We’re really bad at auditing our own histories.
Okay, I can’t speak for you. You’re probably great. But other people, over-sensitive, nostalgic people like me, struggle with making sense out of a personal past. We get caught up considering moments. Moments distract from patterns.
And patterns are what matter.
Now, I’m all about good ol’ reflection. When a long-term relationship falls apart, for example, doing a solid autopsy is just about the most positive response you can have. It’s constructive. It’s necessary.
But when things are fresh, when memories and emotions are running high, our autopsies tend to trace scars instead of patterns. Sometimes, when we should be looking at recurring toxic (or not-so-toxic) behaviours, we dwell on moments.
And if you focus only on moments, friends? You are in for an emotional ride.
You’ll relive and relive and relive the really intense stuff. Only the really intense stuff. The major disappointments. The I-can’t-even-breathe-right-now romantic gestures. It becomes a mental scorecard–was the whole thing horrible, the worst, or was it unbelievably amazing? Was it that time I cried all night, or the time I laughed all night? I don’t know. I don’t know.
(Neither, guys. It’s probably neither.)
Instead of looking for patterns, we pit “good times” against “dark times” in our minds, acting like our history is defined by extreme stories and emotional confrontations. We forget the day-to-day behaviour. The reactions. How communication worked (or didn’t), and how do you feel about that?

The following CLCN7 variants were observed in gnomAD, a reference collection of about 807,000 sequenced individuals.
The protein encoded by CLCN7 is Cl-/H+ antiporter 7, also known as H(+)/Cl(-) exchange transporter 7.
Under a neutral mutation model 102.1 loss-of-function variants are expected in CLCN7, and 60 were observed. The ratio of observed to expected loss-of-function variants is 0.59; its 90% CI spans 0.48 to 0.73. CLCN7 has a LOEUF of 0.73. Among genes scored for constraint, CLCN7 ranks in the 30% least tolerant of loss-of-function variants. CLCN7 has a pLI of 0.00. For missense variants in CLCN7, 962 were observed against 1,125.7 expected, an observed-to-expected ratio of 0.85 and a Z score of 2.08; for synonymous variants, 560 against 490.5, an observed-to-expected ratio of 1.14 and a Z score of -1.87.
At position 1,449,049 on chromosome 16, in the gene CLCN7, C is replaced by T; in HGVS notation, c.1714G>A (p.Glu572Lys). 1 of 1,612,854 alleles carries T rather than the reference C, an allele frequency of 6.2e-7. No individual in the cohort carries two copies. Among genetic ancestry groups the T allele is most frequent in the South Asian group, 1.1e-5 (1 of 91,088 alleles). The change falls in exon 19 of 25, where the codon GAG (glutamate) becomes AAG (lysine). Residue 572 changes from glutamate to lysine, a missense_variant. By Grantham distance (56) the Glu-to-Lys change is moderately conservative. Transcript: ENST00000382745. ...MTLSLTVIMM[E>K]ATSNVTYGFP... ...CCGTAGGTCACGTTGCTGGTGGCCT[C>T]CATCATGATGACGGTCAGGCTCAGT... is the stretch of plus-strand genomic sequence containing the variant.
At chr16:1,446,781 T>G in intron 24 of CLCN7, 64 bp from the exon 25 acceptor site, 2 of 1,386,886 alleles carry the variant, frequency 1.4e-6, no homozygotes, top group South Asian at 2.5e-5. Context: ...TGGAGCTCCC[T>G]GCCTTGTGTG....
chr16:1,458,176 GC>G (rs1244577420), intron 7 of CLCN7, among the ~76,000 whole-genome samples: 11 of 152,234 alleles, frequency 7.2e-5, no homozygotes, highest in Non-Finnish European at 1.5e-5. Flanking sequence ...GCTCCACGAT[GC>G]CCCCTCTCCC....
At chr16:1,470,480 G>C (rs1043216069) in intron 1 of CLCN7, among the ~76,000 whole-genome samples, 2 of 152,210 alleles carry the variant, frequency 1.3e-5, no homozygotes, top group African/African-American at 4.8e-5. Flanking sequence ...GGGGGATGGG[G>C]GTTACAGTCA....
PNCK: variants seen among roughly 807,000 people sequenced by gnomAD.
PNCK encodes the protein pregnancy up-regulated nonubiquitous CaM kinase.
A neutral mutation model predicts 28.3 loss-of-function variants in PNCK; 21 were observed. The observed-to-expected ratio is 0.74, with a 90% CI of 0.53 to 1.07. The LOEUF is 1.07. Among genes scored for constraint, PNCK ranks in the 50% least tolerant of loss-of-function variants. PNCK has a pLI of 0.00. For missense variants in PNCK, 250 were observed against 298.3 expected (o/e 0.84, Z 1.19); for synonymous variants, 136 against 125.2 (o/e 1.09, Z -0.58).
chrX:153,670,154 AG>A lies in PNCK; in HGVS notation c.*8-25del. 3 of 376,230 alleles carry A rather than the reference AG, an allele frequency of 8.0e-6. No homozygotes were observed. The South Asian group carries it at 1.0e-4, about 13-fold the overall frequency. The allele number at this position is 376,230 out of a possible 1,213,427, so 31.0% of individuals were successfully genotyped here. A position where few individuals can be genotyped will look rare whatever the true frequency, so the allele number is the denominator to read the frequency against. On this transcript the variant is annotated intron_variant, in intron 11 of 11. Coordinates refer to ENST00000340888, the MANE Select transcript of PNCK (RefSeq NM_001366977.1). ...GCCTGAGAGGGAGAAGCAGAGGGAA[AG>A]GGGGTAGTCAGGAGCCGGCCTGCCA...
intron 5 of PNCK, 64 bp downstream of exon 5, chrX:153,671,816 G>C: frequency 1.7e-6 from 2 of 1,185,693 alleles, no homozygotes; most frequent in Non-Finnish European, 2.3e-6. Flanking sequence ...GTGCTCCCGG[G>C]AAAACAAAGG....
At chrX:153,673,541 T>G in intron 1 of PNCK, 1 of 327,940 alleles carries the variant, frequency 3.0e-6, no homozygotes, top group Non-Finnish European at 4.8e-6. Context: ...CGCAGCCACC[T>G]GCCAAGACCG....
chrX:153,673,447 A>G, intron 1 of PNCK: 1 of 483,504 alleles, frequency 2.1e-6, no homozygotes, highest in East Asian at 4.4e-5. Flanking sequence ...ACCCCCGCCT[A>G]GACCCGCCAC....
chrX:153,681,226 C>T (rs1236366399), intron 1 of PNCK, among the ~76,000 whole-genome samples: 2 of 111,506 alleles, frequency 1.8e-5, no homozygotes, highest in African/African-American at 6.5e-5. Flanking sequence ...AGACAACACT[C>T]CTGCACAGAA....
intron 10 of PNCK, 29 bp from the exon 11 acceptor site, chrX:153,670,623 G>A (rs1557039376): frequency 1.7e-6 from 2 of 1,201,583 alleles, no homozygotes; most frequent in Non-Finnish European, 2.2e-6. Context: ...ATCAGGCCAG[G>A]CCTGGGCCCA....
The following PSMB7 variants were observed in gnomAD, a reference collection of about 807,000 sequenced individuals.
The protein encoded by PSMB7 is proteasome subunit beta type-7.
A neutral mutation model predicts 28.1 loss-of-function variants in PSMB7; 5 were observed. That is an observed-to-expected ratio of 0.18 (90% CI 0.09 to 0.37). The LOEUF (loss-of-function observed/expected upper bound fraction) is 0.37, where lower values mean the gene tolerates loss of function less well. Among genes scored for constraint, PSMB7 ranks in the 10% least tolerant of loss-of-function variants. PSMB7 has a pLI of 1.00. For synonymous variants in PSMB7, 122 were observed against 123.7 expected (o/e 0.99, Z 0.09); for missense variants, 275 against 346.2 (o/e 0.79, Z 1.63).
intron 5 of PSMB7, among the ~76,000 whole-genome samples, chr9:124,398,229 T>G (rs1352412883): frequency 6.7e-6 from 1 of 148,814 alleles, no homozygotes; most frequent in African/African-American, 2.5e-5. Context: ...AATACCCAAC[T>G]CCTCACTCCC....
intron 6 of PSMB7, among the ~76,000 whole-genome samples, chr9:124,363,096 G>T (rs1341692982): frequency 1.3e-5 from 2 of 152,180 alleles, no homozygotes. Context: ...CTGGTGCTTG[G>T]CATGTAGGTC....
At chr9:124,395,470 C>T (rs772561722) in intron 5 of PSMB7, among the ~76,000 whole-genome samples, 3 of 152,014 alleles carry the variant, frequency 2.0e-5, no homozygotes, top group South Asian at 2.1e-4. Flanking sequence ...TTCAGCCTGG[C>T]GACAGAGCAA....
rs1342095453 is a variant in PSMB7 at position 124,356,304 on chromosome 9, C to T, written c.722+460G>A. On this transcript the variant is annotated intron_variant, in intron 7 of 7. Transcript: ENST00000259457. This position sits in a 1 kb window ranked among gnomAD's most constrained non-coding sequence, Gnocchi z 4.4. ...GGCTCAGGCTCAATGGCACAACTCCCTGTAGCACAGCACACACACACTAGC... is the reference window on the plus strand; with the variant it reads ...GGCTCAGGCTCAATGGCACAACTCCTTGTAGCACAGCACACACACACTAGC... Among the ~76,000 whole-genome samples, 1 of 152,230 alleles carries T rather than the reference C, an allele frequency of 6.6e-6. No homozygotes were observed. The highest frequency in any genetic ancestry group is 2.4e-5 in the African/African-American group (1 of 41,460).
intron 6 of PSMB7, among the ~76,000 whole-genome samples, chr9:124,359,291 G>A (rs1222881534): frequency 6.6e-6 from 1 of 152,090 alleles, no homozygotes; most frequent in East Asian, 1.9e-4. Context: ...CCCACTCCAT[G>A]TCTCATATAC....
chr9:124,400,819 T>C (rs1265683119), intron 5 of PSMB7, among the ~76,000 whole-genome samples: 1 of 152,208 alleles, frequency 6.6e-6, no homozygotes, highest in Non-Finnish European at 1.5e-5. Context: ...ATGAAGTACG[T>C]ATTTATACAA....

Focusing only on tear-stained memories of “good times” and “dark times,” can paint a pretty dramatic and unfair picture of all these things. Sure, mega-scars need healing, and the happy times are worth remembering…but in most cases, using only the most epic stories to illustrate how things went down might not be the best tactic.
Basically, it’s big picture time.
The relationship thing is just an example, of course. In general, we seem to have a habit of over-valuing stories drenched in perception and projection (and probably other dangerous things that end in -tion). And that’s a pretty big problem when our little-picture memories are this malleable and unreliable.
Can big-deal moments be important? Of course, of course, of course. I’m not talking about overlooking major losses, abuses, and epiphanies. Intense things can happen, and they can effect us. Fallible as they may be, our memories make us who we are.
But, when we’re trying to learn from something long term, to make sense of ourselves and our pasts, we cannot just lean on landmarks.
When we are auditing our lives, little antecdotes shouldn’t override the whole story.